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Let's assume that a large military plane has its control surfaces disabled in combat. The engine(s) can still be controlled. There is a substantial number of ground forces being transported.

In theory could the plane be flown purely by distribution and redistribution of the weight of the passengers? Note these are military personnel and are used to acting on orders.

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There are different degrees of control. The plane could at least be made to crash in a different debris pattern than if the input was not made, and even that's a form of control.

As the whether the plane could be controlled enough to land, and do so, as the question states, with all of its control surfaces disabled, let's see. You get considerably pitch control authority, with poor speed and accuracy, but very little direct roll control. Differential thrust provides a decent amount of yaw control.

So the first question is: Is the plane already on the glideslope of a straight-in approach to an airstrip? If yes, then passenger movement should, with some luck, suffice to get the plane down to the ground.

If not, getting a plane to a suitable landing spot becomes more difficult. Many military transports are designed for rough field landing, so over flat and easy terrain, it should be possible to get some sort of landing that is better than an uncontrolled crash. If the terrain is not so forgiving, it comes down to trying to navigate and fly with greatly reduced control responsiveness and precision, where many inputs will be made wrong, and down to whether they can be corrected in time.

To make an analogy, if a driver transporting a blind passenger falls out of the car, can it be controlled from the back seat by moving controls with the passenger's walking stick, acting on advice shouted from cars passing by? That's how trying to fly a plane that way would probably feel.

That said, much stranger things have happened. People have fallen out of airplanes without parachutes and survived. Planes have landed themselves smoothly after the pilot has ejected. And landings with a loss of most controls have happened as well.

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  • $\begingroup$ Why no direct roll control? Lateral CG shift has no influence? $\endgroup$ – Koyovis Jun 21 at 3:42
  • $\begingroup$ @Koyovis Well, you could get a bit of a shift. It would be very slow control, though, compared to the authority in pitch. $\endgroup$ – Therac Jun 21 at 3:58
  • $\begingroup$ "The plane could at least be made to crash in a different debris pattern than if the input was not made..." Excellent wordsmithery! $\endgroup$ – FreeMan Jun 21 at 18:50
  • $\begingroup$ "Direct roll control" is not needed to guide a stricken aircraft. Climb/descend with changing thrust. Turn with differential thrust (dihedral will help couple in some roll). Control speed with pitch (If you can). Moving passengers side to side probably will not work well, but only roll stability is needed to keep aircraft upright, especially if lucky enough to "lose all control" with a trimmed aircraft flying straight and level. $\endgroup$ – Robert DiGiovanni Jun 22 at 0:39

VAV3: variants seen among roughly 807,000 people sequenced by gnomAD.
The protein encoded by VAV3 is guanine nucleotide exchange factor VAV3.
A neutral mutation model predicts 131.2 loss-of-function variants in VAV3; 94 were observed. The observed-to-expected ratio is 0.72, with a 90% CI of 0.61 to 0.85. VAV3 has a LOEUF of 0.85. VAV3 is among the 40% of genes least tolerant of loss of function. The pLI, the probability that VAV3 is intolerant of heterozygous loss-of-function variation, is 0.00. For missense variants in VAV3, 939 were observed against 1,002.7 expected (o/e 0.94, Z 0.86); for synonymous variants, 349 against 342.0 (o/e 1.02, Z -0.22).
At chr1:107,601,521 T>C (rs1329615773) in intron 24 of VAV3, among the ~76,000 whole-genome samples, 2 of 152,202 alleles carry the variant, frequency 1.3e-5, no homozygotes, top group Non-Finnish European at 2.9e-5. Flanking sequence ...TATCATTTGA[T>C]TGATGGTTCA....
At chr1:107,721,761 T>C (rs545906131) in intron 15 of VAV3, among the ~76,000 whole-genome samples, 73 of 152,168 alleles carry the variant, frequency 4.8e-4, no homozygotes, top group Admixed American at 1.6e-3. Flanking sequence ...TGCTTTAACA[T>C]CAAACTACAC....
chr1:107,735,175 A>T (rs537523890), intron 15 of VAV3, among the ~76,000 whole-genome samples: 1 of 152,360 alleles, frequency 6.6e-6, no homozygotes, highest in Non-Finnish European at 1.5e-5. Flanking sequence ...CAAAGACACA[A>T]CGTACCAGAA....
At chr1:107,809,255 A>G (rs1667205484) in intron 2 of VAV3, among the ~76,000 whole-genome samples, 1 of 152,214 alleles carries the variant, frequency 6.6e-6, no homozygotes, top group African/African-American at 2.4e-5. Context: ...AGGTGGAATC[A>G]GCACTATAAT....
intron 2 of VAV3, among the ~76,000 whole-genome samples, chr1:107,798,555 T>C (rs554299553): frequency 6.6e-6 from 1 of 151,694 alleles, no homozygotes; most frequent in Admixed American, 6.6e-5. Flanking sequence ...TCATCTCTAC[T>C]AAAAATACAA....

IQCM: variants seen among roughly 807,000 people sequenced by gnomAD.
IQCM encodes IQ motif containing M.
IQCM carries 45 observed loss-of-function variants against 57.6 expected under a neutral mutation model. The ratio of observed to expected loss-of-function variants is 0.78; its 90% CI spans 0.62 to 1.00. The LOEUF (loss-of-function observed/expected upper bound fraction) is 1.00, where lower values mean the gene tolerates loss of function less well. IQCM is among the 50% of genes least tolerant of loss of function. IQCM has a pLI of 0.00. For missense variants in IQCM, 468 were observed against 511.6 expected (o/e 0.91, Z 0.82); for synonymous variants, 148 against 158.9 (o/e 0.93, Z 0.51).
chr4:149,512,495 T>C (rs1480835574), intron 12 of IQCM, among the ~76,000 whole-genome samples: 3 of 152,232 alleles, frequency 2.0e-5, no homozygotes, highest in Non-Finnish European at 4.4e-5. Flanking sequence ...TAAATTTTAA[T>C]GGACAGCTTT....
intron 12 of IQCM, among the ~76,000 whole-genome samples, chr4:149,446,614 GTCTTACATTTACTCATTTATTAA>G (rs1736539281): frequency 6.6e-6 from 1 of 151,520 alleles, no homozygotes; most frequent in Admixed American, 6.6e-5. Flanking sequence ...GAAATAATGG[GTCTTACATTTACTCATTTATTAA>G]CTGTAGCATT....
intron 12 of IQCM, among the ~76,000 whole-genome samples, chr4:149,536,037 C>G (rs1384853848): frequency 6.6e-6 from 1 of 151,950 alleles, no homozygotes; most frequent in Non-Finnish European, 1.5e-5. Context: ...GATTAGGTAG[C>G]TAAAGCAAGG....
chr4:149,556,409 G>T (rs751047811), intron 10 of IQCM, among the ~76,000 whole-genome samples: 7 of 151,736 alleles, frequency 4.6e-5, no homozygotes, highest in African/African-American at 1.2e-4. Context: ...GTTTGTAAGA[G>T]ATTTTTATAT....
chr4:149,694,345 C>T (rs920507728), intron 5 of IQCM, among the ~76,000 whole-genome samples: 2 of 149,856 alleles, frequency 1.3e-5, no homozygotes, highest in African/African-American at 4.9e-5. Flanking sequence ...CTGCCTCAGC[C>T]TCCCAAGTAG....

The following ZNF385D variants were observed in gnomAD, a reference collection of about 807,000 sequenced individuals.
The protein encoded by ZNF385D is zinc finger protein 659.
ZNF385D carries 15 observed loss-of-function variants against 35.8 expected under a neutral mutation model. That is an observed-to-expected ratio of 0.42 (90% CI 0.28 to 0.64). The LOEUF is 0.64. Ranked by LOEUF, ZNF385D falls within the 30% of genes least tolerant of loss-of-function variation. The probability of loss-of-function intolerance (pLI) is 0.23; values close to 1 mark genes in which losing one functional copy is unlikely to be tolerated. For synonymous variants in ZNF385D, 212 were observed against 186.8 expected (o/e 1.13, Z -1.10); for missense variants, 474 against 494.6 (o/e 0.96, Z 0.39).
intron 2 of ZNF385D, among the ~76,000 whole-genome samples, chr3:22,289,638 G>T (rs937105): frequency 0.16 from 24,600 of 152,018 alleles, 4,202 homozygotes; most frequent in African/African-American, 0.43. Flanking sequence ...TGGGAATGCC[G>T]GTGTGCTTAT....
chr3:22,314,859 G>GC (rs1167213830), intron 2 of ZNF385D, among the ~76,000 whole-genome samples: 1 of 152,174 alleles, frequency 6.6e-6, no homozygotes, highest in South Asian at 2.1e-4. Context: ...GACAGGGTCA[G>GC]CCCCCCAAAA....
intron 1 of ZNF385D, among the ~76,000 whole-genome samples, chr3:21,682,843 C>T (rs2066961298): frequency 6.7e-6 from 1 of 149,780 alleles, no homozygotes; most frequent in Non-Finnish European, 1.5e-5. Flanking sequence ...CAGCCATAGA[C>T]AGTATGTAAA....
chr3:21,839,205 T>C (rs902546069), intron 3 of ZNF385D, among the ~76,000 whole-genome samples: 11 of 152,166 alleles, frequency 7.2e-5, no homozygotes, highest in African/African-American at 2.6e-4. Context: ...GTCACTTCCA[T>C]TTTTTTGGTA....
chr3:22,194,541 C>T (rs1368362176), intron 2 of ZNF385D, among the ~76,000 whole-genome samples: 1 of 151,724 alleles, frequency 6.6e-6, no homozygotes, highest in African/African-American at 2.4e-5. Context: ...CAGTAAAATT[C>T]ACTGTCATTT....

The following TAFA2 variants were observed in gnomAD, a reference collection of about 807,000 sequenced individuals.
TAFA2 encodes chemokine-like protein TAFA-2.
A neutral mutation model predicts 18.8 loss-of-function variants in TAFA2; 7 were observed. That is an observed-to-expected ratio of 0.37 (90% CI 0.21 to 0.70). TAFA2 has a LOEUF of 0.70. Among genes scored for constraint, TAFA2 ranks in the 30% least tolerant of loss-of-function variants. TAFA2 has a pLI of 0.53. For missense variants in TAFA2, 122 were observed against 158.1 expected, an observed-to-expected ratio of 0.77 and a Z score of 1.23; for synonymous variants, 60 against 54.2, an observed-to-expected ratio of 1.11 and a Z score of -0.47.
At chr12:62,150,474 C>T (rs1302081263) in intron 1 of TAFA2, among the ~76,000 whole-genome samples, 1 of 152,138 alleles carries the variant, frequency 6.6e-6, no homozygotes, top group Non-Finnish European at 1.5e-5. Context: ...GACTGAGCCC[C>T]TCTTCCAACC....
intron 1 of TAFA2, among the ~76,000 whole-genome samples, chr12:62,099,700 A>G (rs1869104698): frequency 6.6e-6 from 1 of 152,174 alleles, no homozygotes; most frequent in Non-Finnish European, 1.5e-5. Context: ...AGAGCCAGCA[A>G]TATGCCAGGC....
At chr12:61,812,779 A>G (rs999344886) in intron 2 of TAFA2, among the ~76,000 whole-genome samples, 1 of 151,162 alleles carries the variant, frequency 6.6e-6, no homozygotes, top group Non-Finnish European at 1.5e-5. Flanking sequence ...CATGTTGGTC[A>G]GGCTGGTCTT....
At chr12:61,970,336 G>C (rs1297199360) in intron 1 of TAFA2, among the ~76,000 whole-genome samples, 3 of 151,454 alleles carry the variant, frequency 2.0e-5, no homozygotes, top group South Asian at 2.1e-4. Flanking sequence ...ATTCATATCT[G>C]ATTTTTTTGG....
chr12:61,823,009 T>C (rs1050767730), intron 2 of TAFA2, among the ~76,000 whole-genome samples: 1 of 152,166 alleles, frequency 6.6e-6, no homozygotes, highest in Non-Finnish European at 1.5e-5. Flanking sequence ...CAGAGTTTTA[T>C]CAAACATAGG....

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Let us consider the longitudinal stability

In a longitudinally stable aircraft, any wanted or unwanted increase in angle of attack will cause the pitching moment on the aircraft to change so that the angle of attack decreases. Similarly, a wanted or unwanted decrease in angle of attack will cause the pitching moment to change so that the angle of attack increases.

The above stability is possible provided the aircraft has a stable centre of gravity

Modifying the CG by moving the passengers to modify the angle of attack is by definition playing on the instability boundary of the pitching moments, this is possible only with extremely reactive commands, that is with FBW (fly by wire) and not with FBP (fly by passengers).

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  • $\begingroup$ A0A equilibrium will have a new neutral point after the passenger change position. $\endgroup$ – Koyovis Jun 21 at 2:24
  • $\begingroup$ Passengers change position I would say no. Robotic bodies fly by wire controlled why not! $\endgroup$ – user40476 Jun 21 at 4:45
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Shifting the center of gravity by sending people fore or aft was once common practice on large airships to change pitch, taking advantage of a lever arm of several hundred feet.

It is theoretically possible to do this on a passenger airliner. Altering the CG with a fixed (frozen) elevator trim will have the effect of speeding up or slowing down the aircraft trim speed. Moving weight forward means elevator trim (aerodynamic) needs more airspeed to raise the nose (increase the angle of attack of wing), causing the plane to climb and lose speed, eventually settling into its new trim speed.

Moving weight back makes it easier to raise the nose, so the speed stability mechanism (elevator trim) raises the nose at a lower airspeed.

The key here is realizing the limitations of this technique. If the weight is too far back, the plane will not pitch down and gain airspeed before stalling.

A practical application of moving passengers would be to help flare the aircraft just before landing. Naturally, a little practice at altitude would help.

For a stricken aircraft, control by differential thrust has been demonstrated. Moving weight fore and aft could be tested.

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